"The toughest thing for me to remember is that he's 10," says Marshall Patterson, the director of instruction at Rancho Vista G.C. in Palmdale, Calif., who started coaching Kris when the prodigy was 5. "I don't think I've had a more serious kid. One day he hit this perfect shot, right down the line, and I said to him, 'You know you can smile, Kris,' and he says, 'I don't smile on the golf course, because every time I'm out here I want to treat it like a tournament.' So I say, 'How about this — I won't smile, either. We'll do our work and when we get back and it's done, we'll smile.' He says, 'Deal.'"
The pact seems to be working. Kris won five of the nine tournaments he played on the SCPGA junior circuit last spring. Over the summer he defended his title at the U.S. Kids Golf California State Championship, winning the 10-year-old division by a cool six strokes.
To help with Kris's golf expenses, Kenji has mailed fund-raising requests to about 100 wealthy African-Americans he found online. His return thus far: $50, not enough to cover his postage costs. Kenji had more success raising $3,000 from family and friends to take Kris to compete at Pinehurst in 2012. "We got there the night before the tournament," he says. "But the kid who won got there a week early to play practice rounds." After the event, Kris's competitors invited him to hang out and play at the resort's pool. "He had a blast," Kenji says. "And then we drove back to Motel 6."
Kenji met La Trease in junior high, when he would take the bus from South Central Los Angeles to a school in the San Fernando Valley. They've been together ever since. After Kris was born, Kenji soon had dreams of his son growing up to play football. "I didn't know anything about golf," Kenji says. "But after we all started getting competitive on the Wii, my brother said we should go out to the range."
Kris, 5 at the time, remembers well that first swing on the practice tee, using an adult-size pitching wedge. "My dad told me to keep my head down and my left arm straight and not to get frustrated if I missed." Kenji chimes in, "It was just pow! Up in the air. Held his finish. I said, 'Do it again.' He did it again and turned to me and said, 'Like this, Dad? This is easy.'"
Says Kris of that maiden swing: "After I hit it, I was shocked. I felt like this is my way to shine. I could do anything, like my career has just started."
Mom wasn't as giddy at first. La Trease wanted to ensure that her son would enjoy just being a kid. "But golf is all he wants to do," she says. "When you tell him he can't play, it's like you've taken the breath out of his body. He's devastated."
When Kris was 6, Kenji entered his son in his first event, in Las Vegas. Kris finished second, competing in a red Power Rangers costume. "We tend to forget they're kids, because on the course they're adults," says Steve Kwon, whose son, Josh, is in the final group with Kris at Moreno Valley. "I have to remind myself that my son still plays with Iron Man figures." After Kris pars the first hole, a 433-yard par 4, Steve adds, "All the kids play like adults, but Kris thinks like an adult."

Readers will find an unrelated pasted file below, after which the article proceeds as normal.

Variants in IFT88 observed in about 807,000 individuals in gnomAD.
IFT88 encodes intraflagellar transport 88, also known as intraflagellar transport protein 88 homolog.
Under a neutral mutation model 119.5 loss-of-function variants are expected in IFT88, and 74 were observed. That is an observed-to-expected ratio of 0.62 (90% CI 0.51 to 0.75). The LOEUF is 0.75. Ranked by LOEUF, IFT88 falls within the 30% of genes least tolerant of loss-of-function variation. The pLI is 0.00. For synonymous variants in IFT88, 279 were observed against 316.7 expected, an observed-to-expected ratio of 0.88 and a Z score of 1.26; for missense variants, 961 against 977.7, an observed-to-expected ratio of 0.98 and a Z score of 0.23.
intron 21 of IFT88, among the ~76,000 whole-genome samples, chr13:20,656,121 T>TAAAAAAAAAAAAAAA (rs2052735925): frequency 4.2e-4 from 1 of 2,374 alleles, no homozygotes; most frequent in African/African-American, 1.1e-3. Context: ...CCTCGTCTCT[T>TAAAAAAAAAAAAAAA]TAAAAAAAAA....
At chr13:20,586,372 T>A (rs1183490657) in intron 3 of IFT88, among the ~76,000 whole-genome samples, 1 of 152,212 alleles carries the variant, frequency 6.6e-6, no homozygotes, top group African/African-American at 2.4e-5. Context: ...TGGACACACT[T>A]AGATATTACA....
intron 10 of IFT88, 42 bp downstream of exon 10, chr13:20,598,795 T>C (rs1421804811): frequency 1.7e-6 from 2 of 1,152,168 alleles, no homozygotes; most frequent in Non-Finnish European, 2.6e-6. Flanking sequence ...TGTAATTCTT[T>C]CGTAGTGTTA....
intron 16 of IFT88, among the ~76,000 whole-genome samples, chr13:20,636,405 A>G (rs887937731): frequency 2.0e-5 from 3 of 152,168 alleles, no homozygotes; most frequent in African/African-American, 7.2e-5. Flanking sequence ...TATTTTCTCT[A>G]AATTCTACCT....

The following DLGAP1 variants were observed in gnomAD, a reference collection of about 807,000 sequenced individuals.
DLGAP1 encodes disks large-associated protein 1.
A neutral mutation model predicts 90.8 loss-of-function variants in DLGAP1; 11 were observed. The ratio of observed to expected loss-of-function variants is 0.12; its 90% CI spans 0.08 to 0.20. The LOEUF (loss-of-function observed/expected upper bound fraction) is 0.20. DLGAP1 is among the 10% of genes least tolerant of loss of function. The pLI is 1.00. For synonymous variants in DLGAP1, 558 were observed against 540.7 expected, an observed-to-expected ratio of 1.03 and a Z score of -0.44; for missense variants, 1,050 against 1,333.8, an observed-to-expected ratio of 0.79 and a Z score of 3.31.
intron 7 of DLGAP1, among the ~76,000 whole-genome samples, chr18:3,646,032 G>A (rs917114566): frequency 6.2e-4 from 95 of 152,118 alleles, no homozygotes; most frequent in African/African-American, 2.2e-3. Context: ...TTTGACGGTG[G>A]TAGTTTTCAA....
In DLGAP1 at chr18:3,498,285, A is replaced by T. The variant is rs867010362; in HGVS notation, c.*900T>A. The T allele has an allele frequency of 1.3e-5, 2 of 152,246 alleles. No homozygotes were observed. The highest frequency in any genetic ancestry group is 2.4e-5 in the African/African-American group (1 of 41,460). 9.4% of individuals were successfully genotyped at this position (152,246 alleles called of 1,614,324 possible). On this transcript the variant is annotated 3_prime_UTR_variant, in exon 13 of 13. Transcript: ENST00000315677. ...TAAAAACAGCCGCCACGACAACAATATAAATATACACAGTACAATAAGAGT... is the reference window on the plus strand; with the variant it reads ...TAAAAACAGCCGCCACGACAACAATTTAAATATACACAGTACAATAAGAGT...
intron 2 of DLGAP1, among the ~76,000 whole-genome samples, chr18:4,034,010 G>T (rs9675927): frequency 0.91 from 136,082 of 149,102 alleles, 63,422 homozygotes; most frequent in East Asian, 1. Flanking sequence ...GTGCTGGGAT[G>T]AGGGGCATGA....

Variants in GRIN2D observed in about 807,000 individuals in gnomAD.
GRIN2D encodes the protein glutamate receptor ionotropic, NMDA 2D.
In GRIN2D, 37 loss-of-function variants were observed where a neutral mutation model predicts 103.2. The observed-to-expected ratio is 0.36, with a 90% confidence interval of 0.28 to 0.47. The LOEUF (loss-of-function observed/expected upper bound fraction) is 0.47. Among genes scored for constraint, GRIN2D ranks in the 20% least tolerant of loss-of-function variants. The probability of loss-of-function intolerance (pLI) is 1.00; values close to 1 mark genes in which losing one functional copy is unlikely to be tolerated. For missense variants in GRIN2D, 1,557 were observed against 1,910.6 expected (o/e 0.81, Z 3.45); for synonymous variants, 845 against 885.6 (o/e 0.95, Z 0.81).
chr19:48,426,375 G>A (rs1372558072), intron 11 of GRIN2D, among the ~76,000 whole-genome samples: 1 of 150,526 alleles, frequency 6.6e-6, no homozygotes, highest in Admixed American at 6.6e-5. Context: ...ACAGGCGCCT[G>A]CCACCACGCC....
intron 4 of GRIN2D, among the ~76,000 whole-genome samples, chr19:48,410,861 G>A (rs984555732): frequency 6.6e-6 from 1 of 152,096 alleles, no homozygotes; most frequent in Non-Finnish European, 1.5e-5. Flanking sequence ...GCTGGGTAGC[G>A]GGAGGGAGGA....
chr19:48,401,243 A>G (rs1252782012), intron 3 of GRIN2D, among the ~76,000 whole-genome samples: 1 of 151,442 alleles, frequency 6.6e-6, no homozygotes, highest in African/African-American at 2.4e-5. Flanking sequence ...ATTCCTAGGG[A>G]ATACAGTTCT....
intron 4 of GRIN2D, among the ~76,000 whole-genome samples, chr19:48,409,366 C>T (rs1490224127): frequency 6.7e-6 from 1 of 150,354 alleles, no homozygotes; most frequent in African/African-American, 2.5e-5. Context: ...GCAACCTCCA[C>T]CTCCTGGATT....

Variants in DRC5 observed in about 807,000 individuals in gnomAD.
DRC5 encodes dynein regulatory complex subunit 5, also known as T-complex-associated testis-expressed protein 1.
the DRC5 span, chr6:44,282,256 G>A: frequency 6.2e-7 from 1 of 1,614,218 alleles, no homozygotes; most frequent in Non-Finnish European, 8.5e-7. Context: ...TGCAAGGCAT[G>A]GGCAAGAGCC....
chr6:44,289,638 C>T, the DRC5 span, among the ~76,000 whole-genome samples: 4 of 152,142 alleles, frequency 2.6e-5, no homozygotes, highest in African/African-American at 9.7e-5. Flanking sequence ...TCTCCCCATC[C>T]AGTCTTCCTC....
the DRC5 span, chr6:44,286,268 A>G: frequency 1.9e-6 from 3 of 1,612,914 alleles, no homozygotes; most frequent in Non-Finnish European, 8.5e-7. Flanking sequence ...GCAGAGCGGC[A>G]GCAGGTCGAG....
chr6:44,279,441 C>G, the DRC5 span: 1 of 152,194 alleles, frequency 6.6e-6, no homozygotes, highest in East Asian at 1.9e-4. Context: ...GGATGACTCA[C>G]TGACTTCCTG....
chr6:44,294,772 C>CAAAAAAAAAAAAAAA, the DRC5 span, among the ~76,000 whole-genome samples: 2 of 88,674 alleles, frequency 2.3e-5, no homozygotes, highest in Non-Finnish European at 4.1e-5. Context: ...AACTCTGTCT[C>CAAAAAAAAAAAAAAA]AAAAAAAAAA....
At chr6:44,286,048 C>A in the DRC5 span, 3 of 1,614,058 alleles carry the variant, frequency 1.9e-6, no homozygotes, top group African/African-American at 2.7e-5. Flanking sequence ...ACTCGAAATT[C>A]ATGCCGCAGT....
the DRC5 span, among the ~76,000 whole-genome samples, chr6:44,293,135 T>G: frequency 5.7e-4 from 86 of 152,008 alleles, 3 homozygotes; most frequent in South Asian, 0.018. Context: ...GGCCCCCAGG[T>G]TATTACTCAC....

Kris says that when he's at school, golf never crosses his mind. "Did my dad tell you my grades?" he asked sheepishly, as if he had something to hide. (He has a 3.6 GPA.) When asked if he feels pressure to win, he says, "No, I've never thought about it until you asked." He smiles shyly. "But I really hate losing."
"Unlike some child phenoms, Kris is the one who wants to compete, not his parents," says Patterson, Kris's teacher. "His idea of fun is chasing after what this game will never give you: perfection."
Perfection continues to elude Kris in the final round at Moreno Valley. On the second hole, a par 3, he chunks a wedge into a waste bunker. His next shot falls short into deep rough. He chips on from there and two-putts for double-bogey. Kris shoots his dad a panicky look, then bogeys the ensuing hole. Kenji whispers, "It feels like the wheels are about to fall off the bus."
But they don't. After missing the fairway at the fifth, Kris hits his second shot onto the front-left fringe, and from there curls in a 20-footer for birdie. Then he cards five straight pars. At the closer, the 324-yard, par-4 ninth, he crushes a drive 240 yards, flips a sand wedge to the green and two-putts to finish 2-over on the day, 1-over for the tournament. Will it be enough? He's heard that another contender, William Villegas-Mellein, who started the day at 3-over, made a couple of birdies. But when the boys catch up with the group ahead at the scorer's table, Kris discovers that William doubled the last. Kris wins by a stroke.
There is no fist-pumping or chest-bumping. Just a quick call to Mom. "She asked me if I had a good day," he says smiling. "I said I had a great day."
Kris rejoins his pals on the putting green, where they sing "Happy Birthday" to William. Two tournament officials award Kris his trophy, to the applause of a small group of kids and parents standing by the practice area, though Kris seems more enthused about his other prize: a black Bridgestone backpack.
His plans for the evening? A quick bite with Kenji and Ashlie — "I'm gonna let my sister pick," Kris says — then back in the Camry for the two-hour drive home. Who knows what awaits on the road ahead?